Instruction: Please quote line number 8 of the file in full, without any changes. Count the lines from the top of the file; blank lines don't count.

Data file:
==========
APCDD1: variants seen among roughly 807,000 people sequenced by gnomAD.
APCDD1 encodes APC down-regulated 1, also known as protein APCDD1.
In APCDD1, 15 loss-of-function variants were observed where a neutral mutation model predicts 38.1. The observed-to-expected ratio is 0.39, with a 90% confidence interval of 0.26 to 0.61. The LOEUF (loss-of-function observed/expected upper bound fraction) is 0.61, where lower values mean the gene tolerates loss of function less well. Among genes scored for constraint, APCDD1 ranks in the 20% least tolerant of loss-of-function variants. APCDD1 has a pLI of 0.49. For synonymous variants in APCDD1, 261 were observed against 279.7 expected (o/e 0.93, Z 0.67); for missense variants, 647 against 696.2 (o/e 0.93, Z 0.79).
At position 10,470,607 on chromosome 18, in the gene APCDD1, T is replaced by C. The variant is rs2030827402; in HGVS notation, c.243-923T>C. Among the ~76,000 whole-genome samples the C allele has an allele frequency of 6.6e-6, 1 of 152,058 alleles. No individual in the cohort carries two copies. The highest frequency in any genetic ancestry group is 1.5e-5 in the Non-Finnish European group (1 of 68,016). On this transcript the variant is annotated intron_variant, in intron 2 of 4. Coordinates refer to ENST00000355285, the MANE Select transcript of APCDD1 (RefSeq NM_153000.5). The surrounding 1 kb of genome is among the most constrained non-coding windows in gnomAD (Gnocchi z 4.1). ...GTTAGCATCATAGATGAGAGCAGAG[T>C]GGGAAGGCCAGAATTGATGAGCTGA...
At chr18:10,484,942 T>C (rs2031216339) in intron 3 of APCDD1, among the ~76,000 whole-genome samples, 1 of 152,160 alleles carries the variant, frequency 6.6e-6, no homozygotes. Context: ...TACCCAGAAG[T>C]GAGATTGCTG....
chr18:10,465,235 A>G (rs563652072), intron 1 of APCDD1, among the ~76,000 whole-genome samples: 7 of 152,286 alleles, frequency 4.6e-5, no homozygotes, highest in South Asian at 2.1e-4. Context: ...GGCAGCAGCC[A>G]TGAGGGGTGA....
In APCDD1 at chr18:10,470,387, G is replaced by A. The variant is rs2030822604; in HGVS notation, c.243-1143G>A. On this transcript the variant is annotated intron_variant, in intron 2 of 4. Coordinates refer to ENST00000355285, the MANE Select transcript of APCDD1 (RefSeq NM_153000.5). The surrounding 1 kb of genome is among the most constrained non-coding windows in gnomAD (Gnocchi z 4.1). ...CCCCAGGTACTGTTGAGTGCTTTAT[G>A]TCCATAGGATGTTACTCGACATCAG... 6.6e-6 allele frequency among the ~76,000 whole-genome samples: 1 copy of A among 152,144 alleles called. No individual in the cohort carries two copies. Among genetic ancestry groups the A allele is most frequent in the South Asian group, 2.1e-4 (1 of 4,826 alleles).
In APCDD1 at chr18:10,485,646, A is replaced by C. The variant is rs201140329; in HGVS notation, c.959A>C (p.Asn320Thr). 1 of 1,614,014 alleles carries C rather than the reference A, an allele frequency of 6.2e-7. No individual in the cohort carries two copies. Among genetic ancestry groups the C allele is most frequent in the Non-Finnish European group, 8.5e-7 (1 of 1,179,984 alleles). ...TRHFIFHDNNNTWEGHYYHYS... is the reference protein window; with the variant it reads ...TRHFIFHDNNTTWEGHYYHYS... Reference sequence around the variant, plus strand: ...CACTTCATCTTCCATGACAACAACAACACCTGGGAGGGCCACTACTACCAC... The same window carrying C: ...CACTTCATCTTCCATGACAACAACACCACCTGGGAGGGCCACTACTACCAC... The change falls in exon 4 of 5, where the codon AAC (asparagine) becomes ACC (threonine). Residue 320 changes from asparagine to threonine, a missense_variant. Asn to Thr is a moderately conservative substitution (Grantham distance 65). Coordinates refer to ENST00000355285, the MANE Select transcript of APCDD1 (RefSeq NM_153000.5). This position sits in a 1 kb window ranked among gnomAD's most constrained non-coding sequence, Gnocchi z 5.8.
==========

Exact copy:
In APCDD1 at chr18:10,485,646, A is replaced by C. The variant is rs201140329; in HGVS notation, c.959A>C (p.Asn320Thr). 1 of 1,614,014 alleles carries C rather than the reference A, an allele frequency of 6.2e-7. No individual in the cohort carries two copies. Among genetic ancestry groups the C allele is most frequent in the Non-Finnish European group, 8.5e-7 (1 of 1,179,984 alleles). ...TRHFIFHDNNNTWEGHYYHYS... is the reference protein window; with the variant it reads ...TRHFIFHDNNTTWEGHYYHYS... Reference sequence around the variant, plus strand: ...CACTTCATCTTCCATGACAACAACAACACCTGGGAGGGCCACTACTACCAC... The same window carrying C: ...CACTTCATCTTCCATGACAACAACACCACCTGGGAGGGCCACTACTACCAC... The change falls in exon 4 of 5, where the codon AAC (asparagine) becomes ACC (threonine). Residue 320 changes from asparagine to threonine, a missense_variant. Asn to Thr is a moderately conservative substitution (Grantham distance 65). Coordinates refer to ENST00000355285, the MANE Select transcript of APCDD1 (RefSeq NM_153000.5). This position sits in a 1 kb window ranked among gnomAD's most constrained non-coding sequence, Gnocchi z 5.8.